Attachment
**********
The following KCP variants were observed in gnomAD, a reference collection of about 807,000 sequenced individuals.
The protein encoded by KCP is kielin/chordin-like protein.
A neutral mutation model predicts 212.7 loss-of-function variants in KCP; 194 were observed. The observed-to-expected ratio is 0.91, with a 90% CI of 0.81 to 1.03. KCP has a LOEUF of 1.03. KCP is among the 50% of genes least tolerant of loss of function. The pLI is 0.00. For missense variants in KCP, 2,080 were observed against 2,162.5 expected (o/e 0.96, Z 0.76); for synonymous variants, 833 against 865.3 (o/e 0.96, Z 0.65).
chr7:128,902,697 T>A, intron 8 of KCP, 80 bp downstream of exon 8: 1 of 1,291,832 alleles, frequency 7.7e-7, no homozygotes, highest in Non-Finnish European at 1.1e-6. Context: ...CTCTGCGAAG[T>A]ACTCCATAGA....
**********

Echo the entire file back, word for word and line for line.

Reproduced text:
The following KCP variants were observed in gnomAD, a reference collection of about 807,000 sequenced individuals.
The protein encoded by KCP is kielin/chordin-like protein.
A neutral mutation model predicts 212.7 loss-of-function variants in KCP; 194 were observed. The observed-to-expected ratio is 0.91, with a 90% CI of 0.81 to 1.03. KCP has a LOEUF of 1.03. KCP is among the 50% of genes least tolerant of loss of function. The pLI is 0.00. For missense variants in KCP, 2,080 were observed against 2,162.5 expected (o/e 0.96, Z 0.76); for synonymous variants, 833 against 865.3 (o/e 0.96, Z 0.65).
chr7:128,902,697 T>A, intron 8 of KCP, 80 bp downstream of exon 8: 1 of 1,291,832 alleles, frequency 7.7e-7, no homozygotes, highest in Non-Finnish European at 1.1e-6. Context: ...CTCTGCGAAG[T>A]ACTCCATAGA....